Manage episode 302044891 series 2920850
Coming off the successful return of a cool Michigan tradition, the Mackinac Bridge walk on Labor Day, this week’s podcast revisits the condition of our state’s other bridges and some creative proposals to fund replacement and repair of state and local structures.
First, for some national perspective, a conversation with experts in performance management and bridge conditions at the American Association of State Highway and Transportation Officials (AASHTO): Patricia Bush, AASHTO’s program manager for bridges and design, and Matthew Hardy, AASHTO’s program director for planning and performance management.
Later, Matt Chynoweth, chief bridge engineer at the Michigan Department of Transportation, talks about a pilot bridge bundling program for local agencies. An MDOT dashboard tracks the progress.
Bush explains why terms for bridge conditions, like structurally deficient and functionally obsolete, were abandoned, with discussion now focusing simply on conditions being good, fair or poor. She also talks about the condition of the nation’s bridges, overall, and what goes into decisions to close a bridge. Bush cites the decision to close a Memphis bridge in May after inspectors found a crack in the steel structure.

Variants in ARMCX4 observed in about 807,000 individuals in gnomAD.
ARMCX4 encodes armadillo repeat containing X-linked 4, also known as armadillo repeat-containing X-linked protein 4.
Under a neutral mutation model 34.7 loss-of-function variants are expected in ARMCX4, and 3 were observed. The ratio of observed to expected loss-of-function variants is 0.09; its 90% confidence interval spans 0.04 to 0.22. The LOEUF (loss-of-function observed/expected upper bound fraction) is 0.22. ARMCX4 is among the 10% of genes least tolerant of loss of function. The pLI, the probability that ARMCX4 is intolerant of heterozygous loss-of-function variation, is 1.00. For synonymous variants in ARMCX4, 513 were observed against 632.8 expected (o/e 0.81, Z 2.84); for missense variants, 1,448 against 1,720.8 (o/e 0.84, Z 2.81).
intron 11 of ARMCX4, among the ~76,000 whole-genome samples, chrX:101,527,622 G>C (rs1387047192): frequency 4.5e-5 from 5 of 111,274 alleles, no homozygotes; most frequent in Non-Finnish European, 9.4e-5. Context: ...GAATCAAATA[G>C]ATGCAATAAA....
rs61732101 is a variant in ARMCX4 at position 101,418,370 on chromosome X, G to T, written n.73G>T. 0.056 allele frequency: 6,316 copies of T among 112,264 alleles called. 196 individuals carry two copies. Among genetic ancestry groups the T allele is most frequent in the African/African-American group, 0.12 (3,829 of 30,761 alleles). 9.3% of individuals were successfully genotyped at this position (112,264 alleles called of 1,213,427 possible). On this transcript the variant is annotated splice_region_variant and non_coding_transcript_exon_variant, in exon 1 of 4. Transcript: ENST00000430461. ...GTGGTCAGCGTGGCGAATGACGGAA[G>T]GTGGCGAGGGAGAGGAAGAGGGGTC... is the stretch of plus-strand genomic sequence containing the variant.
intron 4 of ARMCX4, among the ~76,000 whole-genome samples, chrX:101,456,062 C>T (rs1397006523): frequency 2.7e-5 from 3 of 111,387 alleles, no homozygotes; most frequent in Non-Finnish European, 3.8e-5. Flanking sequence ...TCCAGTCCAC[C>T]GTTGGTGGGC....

Hardy explains how performance management informs decisions and why all states must use the national bridge reporting measures. He also lays out the reasons for following asset management principles in making decisions about a transportation network.
Offering a focus on Michigan bridge conditions, Chynoweth explains how a decision two decades ago to focus on asset management has helped conserve resources and address state-owned bridges more efficiently. He also talks about some major bridge projects MDOT engineers are tackling this summer, including a bridge over M-55 near Manistee, which MDOT Director Paul C. Ajegba visited this week.
Podcast photo: MDOT Director Paul Ajegba talks to engineers at the M-55 bridge site near Manistee, Michigan.